Microsoft has begun talking about Windows 8 in general terms, reprising a blog-based strategy that it used in the year-long run-up to Windows 7.
Microsoft kicked off the “Building Windows 8” blog on Monday, almost exactly three years after the debut of a similar blog, “Engineering Windows 7,” that the company used to beat the drum.
Both blogs were launched by Steven Sinofsky, the president of Microsoft’s Windows and Windows Live division.
Yesterday, Sinofsky essentially confirmed that Windows 8 will support an app store when he listed it as the title of one of 35 teams working on the operating system.
Although Microsoft has publicly discussed a few bits of Windows 8, it has said nothing about integrating a download store with the new OS until now. Several Windows bloggers, however, reported finding signs of one in leaked previews of the OS several months ago.
Sinofsky’s disclosure of an app store in Windows 8 would not be a surprise Stephen Baker, an analyst with the NPD Group who two months ago said, “It’s clear that Microsoft will on some level go to an app store in Windows 8.”
The question Baker had then was whether Microsoft’s app store would be a curated market — the approach Apple has taken with its iOS App Store, and to a lesser extent, the Mac App Store for systems running Mac OS X.
Baker thought not. “I think there will always be ways for retailers and OEMs to participate in software sales. Microsoft is fundamentally a good channel partner,” he said.
The term “App Store” is a bone of contention between Microsoft, Amazon and Apple, with the first two arguing that the description isn’t worthy of trademark protection. Apple has disputed that.
In January, Microsoft asked the U.S. Patent and Trademark Office (USPTO) to deny Apple’s trademark application, arguing that because the term is generic , competitors should be able to use it.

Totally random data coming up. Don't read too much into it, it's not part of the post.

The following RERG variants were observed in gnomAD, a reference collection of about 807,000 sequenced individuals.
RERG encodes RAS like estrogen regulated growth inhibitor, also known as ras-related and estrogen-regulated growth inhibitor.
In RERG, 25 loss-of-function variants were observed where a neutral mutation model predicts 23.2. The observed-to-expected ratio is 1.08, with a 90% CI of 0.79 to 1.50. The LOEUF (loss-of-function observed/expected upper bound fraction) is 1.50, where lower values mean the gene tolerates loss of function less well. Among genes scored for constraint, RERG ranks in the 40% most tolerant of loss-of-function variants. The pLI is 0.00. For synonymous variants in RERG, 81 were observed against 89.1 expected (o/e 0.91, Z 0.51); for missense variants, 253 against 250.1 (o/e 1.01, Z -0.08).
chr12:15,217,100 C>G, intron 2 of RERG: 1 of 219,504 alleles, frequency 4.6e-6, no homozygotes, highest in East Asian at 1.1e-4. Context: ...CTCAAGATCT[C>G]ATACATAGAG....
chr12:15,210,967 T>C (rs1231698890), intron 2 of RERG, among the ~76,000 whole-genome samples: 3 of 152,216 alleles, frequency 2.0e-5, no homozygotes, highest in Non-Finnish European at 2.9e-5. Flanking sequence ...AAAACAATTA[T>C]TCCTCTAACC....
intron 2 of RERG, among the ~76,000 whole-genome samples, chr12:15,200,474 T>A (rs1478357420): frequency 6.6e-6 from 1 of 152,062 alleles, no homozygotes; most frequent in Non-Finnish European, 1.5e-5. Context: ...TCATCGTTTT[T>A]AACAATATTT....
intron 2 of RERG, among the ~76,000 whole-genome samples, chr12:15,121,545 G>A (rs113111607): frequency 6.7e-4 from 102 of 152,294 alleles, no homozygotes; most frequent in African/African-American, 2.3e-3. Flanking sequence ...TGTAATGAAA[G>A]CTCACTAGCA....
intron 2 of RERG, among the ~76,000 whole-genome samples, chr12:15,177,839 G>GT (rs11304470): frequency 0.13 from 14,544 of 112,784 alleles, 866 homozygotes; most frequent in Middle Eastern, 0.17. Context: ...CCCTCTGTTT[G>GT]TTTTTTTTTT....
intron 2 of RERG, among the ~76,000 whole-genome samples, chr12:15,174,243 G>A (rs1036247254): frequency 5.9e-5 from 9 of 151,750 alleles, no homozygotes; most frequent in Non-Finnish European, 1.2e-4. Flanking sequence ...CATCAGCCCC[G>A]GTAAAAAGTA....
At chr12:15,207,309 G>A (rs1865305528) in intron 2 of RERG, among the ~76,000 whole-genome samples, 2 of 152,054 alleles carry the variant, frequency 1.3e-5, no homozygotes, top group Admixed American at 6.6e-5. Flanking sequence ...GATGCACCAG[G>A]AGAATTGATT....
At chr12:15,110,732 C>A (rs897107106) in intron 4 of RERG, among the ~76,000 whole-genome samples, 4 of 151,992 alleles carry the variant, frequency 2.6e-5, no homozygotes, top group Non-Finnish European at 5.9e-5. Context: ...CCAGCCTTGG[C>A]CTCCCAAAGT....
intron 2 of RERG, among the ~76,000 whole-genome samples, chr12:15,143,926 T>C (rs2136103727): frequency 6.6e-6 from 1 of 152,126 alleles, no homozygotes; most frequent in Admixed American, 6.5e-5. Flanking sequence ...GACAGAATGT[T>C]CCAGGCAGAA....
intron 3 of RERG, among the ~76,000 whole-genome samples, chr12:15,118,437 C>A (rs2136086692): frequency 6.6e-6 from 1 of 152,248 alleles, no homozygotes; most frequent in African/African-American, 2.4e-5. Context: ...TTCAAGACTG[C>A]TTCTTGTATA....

According to documents published by the USPTO’s Trademark Trial and Appeal Board, both Apple and Microsoft have hired linguistic experts to argue that “App Store” is not a generic term (Apple’s position) and that it is (Microsoft’s).
The last document posted by the Appeal Board was an early-April request by Apple for oral arguments.
Amazon and Apple have been battling in federal court over the term since March, when the latter accused Amazon of trademark infringement. Amazon uses the term “Appstore” to describe its Android-only download market.
Sinofsky listed a total of 35 teams that are working on Windows 8, and some of his labels hinted at other core changes, ranging from a hypervisor — or virtual machine manager — within the client edition to improvements in Windows Update, Microsoft’s consumer update service.
A majority of the Windows 8 teams had no corresponding group during Windows 7’s development, while some of the latter’s — including Media Center and Applets and Gadgets — don’t appear in the Windows 8 list.
Microsoft has been mum about a release schedule for Windows 8, but the timing of Sinofsky’s return to blogging — three years and one day after the start of the similar effort for Windows 7 — may hint at a parallel timetable. If that’s the case, Windows 8 would launch in October 2012.
The company will reveal more about Windows 8, and perhaps release a preview version of the OS, at its Build conference, which will begin Sept. 13 in Anaheim, Calif.